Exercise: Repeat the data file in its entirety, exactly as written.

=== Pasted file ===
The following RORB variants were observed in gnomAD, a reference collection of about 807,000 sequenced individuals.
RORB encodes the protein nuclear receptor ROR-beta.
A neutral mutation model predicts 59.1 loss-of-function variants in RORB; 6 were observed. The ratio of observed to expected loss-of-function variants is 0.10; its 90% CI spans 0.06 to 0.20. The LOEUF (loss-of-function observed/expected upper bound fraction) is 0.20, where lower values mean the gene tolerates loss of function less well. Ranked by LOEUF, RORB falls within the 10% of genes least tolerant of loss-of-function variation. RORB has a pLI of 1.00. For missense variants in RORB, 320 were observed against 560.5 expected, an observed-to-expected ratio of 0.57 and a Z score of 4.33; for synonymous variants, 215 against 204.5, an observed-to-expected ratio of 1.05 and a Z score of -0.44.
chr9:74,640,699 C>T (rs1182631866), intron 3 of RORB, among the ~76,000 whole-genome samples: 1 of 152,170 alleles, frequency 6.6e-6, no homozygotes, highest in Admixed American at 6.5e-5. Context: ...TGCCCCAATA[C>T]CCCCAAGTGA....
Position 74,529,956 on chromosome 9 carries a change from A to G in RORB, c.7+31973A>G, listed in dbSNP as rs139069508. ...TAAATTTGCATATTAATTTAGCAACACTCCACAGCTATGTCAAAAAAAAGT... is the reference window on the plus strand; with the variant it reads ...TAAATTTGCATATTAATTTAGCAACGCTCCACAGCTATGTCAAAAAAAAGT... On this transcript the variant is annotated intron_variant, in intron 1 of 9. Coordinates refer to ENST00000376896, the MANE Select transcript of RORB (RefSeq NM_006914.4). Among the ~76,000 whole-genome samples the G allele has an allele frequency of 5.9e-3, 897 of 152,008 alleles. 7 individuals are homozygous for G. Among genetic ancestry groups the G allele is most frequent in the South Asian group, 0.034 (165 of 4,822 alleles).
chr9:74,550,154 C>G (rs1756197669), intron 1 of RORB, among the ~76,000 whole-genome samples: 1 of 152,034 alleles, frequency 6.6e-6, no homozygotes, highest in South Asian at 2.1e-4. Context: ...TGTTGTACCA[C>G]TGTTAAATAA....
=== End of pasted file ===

The following RORB variants were observed in gnomAD, a reference collection of about 807,000 sequenced individuals.
RORB encodes the protein nuclear receptor ROR-beta.
A neutral mutation model predicts 59.1 loss-of-function variants in RORB; 6 were observed. The ratio of observed to expected loss-of-function variants is 0.10; its 90% CI spans 0.06 to 0.20. The LOEUF (loss-of-function observed/expected upper bound fraction) is 0.20, where lower values mean the gene tolerates loss of function less well. Ranked by LOEUF, RORB falls within the 10% of genes least tolerant of loss-of-function variation. RORB has a pLI of 1.00. For missense variants in RORB, 320 were observed against 560.5 expected, an observed-to-expected ratio of 0.57 and a Z score of 4.33; for synonymous variants, 215 against 204.5, an observed-to-expected ratio of 1.05 and a Z score of -0.44.
chr9:74,640,699 C>T (rs1182631866), intron 3 of RORB, among the ~76,000 whole-genome samples: 1 of 152,170 alleles, frequency 6.6e-6, no homozygotes, highest in Admixed American at 6.5e-5. Context: ...TGCCCCAATA[C>T]CCCCAAGTGA....
Position 74,529,956 on chromosome 9 carries a change from A to G in RORB, c.7+31973A>G, listed in dbSNP as rs139069508. ...TAAATTTGCATATTAATTTAGCAACACTCCACAGCTATGTCAAAAAAAAGT... is the reference window on the plus strand; with the variant it reads ...TAAATTTGCATATTAATTTAGCAACGCTCCACAGCTATGTCAAAAAAAAGT... On this transcript the variant is annotated intron_variant, in intron 1 of 9. Coordinates refer to ENST00000376896, the MANE Select transcript of RORB (RefSeq NM_006914.4). Among the ~76,000 whole-genome samples the G allele has an allele frequency of 5.9e-3, 897 of 152,008 alleles. 7 individuals are homozygous for G. Among genetic ancestry groups the G allele is most frequent in the South Asian group, 0.034 (165 of 4,822 alleles).
chr9:74,550,154 C>G (rs1756197669), intron 1 of RORB, among the ~76,000 whole-genome samples: 1 of 152,034 alleles, frequency 6.6e-6, no homozygotes, highest in South Asian at 2.1e-4. Context: ...TGTTGTACCA[C>G]TGTTAAATAA....